At the WGBH Debate, Tito Jackson Challenged Marty Walsh’s Record
If Tito Jackson is going down, he’s going down swinging.
The city councilor, in the last scheduled debate between the two candidates before the November 7 mayoral election, took aim at the record of Boston Mayor Marty Walsh on WGBH Tuesday night. Jackson, who polling shows has a sizable deficit to make up if he is to win this race, did not hold back.
“We have a mayor who fast-tracks bids for Amazon, Olympics, Grand Prix, but he slow-tracks changes to education and fully funding the Boston public schools,” Jackson said, repeating what has been a refrain of his underdog bid to run City Hall: that Walsh has focused too much of his attention on the interests of the wealthy and on flashy projects at the expense of less fortunate, every day Bostonians.
Walsh, who has refuted those criticisms, pointed to his record, including improvements in state assessments of some schools and an influx of about 60,000 jobs. He denied, for example, that his administration had cut funding from Boston Public Schools, noting that the system’s budget increased by $50 million last year.
Jackson pledged that, if he were elected, he would pump an additional $30 million into the school system.
He also backpedaled some when pressed on previous comments about Walsh’s response to racial strife at the Boston Latin School. Jackson had suggested earlier int he campaign that the mayor in that case didn’t believe “black lives matter.” But at the debate, he would not say whether he thought that was truly representative of Walsh’s worldview, instead saying Walsh is “making the wrong decisions.”
Walsh defended his administration’s efforts to attract General Electric to Boston, including $25 million in tax incentives, which Jackson has held up as an example of the mayor’s misplaced priorities. Walsh argued that those tax breaks did not mean the city had written “a check” to the corporation and pointed out that GE has given millions to education and other programs in the city.
Jackson also pressed the issue of equipping Boston police officers with body cameras, an effort that has stalled. After delays, BPD conducted a year-long pilot program and is now studying whether to adopt it full-time. Jackson accused Walsh of not prioritizing the technology, even though there is generally support for its use. He called the slow pace on body cameras “paralysis by analysis” and said, “He needs to step forward and actually take a leadership role on this, and that’s what we’ve seen out of this mayor: timid, tepid leadership. And that’s why we don’t have body cams in Boston.” Walsh argued in favor of allowing a study of the issue to take its course, and pointed to figures that show violent crime has dropped in the city.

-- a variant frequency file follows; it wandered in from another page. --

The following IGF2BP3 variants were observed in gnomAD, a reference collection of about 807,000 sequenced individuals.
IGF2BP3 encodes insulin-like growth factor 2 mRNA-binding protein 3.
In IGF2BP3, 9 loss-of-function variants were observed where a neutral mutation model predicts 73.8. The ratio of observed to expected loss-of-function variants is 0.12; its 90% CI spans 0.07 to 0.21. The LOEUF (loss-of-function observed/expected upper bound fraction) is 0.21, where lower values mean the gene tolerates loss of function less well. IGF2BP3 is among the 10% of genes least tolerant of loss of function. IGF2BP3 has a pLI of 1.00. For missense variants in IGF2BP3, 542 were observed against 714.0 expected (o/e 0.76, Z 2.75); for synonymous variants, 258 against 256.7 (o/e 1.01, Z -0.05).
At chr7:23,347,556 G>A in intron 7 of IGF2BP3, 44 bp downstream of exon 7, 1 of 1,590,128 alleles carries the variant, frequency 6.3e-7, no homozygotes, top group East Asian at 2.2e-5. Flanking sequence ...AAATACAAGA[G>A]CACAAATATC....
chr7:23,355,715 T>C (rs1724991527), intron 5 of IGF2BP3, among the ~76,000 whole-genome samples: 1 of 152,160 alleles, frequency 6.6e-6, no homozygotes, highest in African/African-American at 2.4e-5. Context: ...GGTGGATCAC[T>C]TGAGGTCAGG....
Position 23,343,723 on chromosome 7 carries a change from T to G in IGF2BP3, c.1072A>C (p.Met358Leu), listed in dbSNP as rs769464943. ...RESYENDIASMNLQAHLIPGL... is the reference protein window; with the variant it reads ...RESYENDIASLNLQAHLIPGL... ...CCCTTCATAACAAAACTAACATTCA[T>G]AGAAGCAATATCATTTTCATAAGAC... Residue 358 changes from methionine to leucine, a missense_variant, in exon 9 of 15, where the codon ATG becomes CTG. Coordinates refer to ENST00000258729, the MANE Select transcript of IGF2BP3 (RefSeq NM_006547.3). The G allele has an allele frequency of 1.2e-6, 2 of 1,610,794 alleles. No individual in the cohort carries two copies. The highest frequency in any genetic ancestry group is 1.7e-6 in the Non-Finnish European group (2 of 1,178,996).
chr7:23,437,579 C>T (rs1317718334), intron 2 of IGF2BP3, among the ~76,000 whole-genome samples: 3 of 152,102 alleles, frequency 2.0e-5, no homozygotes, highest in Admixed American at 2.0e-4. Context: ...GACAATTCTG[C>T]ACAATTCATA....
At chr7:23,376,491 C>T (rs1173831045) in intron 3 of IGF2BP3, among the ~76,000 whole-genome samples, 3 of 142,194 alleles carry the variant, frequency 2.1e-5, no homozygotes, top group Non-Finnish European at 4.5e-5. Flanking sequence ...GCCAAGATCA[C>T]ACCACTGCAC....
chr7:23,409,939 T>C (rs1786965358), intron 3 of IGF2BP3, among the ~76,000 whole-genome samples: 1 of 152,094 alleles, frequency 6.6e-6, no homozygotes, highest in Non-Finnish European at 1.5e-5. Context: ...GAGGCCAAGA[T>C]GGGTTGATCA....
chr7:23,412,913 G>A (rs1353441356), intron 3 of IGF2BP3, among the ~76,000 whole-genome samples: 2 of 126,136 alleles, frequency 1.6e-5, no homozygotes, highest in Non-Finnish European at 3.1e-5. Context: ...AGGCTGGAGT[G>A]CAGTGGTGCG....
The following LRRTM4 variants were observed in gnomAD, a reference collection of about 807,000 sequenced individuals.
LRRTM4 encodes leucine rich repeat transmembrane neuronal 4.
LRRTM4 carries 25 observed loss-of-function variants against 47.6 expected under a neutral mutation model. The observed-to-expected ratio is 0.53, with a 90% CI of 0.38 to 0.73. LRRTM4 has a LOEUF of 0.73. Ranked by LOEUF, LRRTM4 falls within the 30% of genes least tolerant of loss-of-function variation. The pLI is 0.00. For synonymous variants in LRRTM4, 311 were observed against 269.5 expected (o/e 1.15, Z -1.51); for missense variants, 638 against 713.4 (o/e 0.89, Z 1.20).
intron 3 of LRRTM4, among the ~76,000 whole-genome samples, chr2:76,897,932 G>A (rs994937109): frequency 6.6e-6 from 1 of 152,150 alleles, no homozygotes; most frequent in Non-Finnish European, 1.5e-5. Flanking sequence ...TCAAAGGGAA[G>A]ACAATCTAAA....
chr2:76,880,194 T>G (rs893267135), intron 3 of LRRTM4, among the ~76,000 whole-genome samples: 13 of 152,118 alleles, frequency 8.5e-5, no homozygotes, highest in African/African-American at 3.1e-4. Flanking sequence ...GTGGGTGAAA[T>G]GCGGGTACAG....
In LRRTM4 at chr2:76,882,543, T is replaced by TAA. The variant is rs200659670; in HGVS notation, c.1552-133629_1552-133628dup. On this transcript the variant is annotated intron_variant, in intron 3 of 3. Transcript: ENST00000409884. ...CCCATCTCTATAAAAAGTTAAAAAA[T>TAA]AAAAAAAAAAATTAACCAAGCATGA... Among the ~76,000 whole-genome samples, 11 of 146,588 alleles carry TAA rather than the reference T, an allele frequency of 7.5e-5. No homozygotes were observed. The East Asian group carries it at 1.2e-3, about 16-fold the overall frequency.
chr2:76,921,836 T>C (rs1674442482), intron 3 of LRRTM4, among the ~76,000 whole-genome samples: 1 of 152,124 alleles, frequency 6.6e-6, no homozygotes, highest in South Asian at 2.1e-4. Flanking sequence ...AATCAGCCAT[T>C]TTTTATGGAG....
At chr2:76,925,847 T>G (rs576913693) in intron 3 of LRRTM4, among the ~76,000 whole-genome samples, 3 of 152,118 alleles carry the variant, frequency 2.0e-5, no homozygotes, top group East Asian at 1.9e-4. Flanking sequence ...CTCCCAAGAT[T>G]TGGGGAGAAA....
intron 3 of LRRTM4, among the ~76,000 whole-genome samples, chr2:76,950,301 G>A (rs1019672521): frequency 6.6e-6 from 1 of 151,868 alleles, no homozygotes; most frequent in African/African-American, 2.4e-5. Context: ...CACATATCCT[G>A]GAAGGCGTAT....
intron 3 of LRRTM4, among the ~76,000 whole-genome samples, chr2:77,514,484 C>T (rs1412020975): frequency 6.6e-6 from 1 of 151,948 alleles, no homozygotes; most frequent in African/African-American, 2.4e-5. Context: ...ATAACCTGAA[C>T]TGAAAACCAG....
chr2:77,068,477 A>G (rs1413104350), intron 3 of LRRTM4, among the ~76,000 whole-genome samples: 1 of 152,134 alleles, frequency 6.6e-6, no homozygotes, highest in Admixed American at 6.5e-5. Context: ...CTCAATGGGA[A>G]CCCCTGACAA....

When Walsh, responding to a question about bathrooms on Boston Common, said he thought the millions in funding for parks from the construction of a controversial planned tower at Winthrop Square might be used for that purpose, Jackson derided that cash as coming from a “shady deal.”
Jackson also lashed out at Walsh for his response to a scathing “report card” from the local branch of the NAACP, which gave the mayor harsh grades on economic development, education, public safety, and diversity among city workers. Walsh had previously said he “respectfully disagrees” with the low grades the group gave him, and argued Tuesday that disparity is a long-term problem in Boston that a mayor can’t simply solve in four years. “You need to listen to what’s actually happening” Jackson said.
The candidates also sparred over the definition of affordable housing, and whether the Walsh administration had done enough to promote it.
Walsh pointed to progress on a city plan to increase the supply of housing units to 53,000, with 9,000 of them affordable. But Jackson said Boston’s definition of affordable as accessible to households was out of reach for many low-income Bostonians. They also disagreed over support for reviving rent control: Walsh dismissed it; Jackson said he could support it. Jackson also repeated his promise to up increase the minimum required percentage of units developers are required to make affordable to 25 percent, spend $5 million on housing vouchers, and also to ditch the agency previously known as the Boston Redevelopment Authority, which he slammed as non-transparent. Walsh has rebranded the entity as the Boston Planning and Development Agency, and stressed the need to promote development.
Jackson also took aim at Walsh’s decision to abruptly close the Long Island Bridge, which connected the city with a homeless shelter and addiction recovery resources, noting that millions were spent demolishing it but pledges to rebuild it have gone unfulfilled. But Walsh, who said the bridge will be rebuilt someday, argued that the bridge “was crumbling into the Atlantic Ocean” when it was shuttered, and countered that the city shouldn’t “hide” its homeless population on an island.
Jackson took criticism for not releasing a detailed breakdown of what his proposals would cost, as he had pledged to do. The candidate now says we should expect to see one in the coming days.
Jackson also criticized Walsh for keeping two staffers accused of extortion on the payroll while they await trial, and for refusing to disclose whether he, himself, had appeared before a grand jury related to the case. Walsh, asked on air to answer that question once again, refused to do so while the case is pending.
You can find the full debate here: